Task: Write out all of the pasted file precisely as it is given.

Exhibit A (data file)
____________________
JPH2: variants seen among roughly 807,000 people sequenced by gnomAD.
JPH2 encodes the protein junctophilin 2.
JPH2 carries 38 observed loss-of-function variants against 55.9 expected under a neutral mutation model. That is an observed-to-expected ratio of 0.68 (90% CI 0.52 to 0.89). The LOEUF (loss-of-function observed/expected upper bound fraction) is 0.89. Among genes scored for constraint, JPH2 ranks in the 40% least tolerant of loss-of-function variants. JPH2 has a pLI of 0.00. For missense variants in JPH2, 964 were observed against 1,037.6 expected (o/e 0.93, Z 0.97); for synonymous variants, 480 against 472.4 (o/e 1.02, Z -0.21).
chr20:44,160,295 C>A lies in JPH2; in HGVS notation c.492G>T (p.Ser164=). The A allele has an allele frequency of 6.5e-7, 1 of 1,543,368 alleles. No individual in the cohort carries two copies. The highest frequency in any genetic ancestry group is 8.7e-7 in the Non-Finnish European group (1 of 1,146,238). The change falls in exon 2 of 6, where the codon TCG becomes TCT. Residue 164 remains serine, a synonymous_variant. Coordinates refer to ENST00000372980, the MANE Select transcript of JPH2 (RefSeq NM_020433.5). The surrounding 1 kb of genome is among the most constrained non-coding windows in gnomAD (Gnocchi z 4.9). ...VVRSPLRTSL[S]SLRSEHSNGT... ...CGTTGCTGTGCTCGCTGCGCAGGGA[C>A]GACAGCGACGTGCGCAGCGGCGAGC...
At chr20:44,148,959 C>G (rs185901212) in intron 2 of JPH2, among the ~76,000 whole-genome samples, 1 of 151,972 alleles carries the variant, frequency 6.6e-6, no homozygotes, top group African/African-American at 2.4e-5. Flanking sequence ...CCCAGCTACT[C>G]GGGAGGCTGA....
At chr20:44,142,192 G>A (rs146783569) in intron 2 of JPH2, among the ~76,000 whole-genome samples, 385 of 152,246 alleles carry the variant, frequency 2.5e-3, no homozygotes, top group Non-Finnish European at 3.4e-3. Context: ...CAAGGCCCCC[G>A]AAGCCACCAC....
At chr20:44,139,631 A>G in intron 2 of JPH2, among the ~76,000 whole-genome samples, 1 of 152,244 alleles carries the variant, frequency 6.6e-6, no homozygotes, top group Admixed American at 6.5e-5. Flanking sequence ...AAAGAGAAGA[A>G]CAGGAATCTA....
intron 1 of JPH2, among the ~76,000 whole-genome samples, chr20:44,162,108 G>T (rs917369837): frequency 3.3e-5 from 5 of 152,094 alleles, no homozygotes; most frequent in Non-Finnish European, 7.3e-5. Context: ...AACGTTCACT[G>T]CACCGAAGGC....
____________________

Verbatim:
JPH2: variants seen among roughly 807,000 people sequenced by gnomAD.
JPH2 encodes the protein junctophilin 2.
JPH2 carries 38 observed loss-of-function variants against 55.9 expected under a neutral mutation model. That is an observed-to-expected ratio of 0.68 (90% CI 0.52 to 0.89). The LOEUF (loss-of-function observed/expected upper bound fraction) is 0.89. Among genes scored for constraint, JPH2 ranks in the 40% least tolerant of loss-of-function variants. JPH2 has a pLI of 0.00. For missense variants in JPH2, 964 were observed against 1,037.6 expected (o/e 0.93, Z 0.97); for synonymous variants, 480 against 472.4 (o/e 1.02, Z -0.21).
chr20:44,160,295 C>A lies in JPH2; in HGVS notation c.492G>T (p.Ser164=). The A allele has an allele frequency of 6.5e-7, 1 of 1,543,368 alleles. No individual in the cohort carries two copies. The highest frequency in any genetic ancestry group is 8.7e-7 in the Non-Finnish European group (1 of 1,146,238). The change falls in exon 2 of 6, where the codon TCG becomes TCT. Residue 164 remains serine, a synonymous_variant. Coordinates refer to ENST00000372980, the MANE Select transcript of JPH2 (RefSeq NM_020433.5). The surrounding 1 kb of genome is among the most constrained non-coding windows in gnomAD (Gnocchi z 4.9). ...VVRSPLRTSL[S]SLRSEHSNGT... ...CGTTGCTGTGCTCGCTGCGCAGGGA[C>A]GACAGCGACGTGCGCAGCGGCGAGC...
At chr20:44,148,959 C>G (rs185901212) in intron 2 of JPH2, among the ~76,000 whole-genome samples, 1 of 151,972 alleles carries the variant, frequency 6.6e-6, no homozygotes, top group African/African-American at 2.4e-5. Flanking sequence ...CCCAGCTACT[C>G]GGGAGGCTGA....
At chr20:44,142,192 G>A (rs146783569) in intron 2 of JPH2, among the ~76,000 whole-genome samples, 385 of 152,246 alleles carry the variant, frequency 2.5e-3, no homozygotes, top group Non-Finnish European at 3.4e-3. Context: ...CAAGGCCCCC[G>A]AAGCCACCAC....
At chr20:44,139,631 A>G in intron 2 of JPH2, among the ~76,000 whole-genome samples, 1 of 152,244 alleles carries the variant, frequency 6.6e-6, no homozygotes, top group Admixed American at 6.5e-5. Flanking sequence ...AAAGAGAAGA[A>G]CAGGAATCTA....
intron 1 of JPH2, among the ~76,000 whole-genome samples, chr20:44,162,108 G>T (rs917369837): frequency 3.3e-5 from 5 of 152,094 alleles, no homozygotes; most frequent in Non-Finnish European, 7.3e-5. Context: ...AACGTTCACT[G>T]CACCGAAGGC....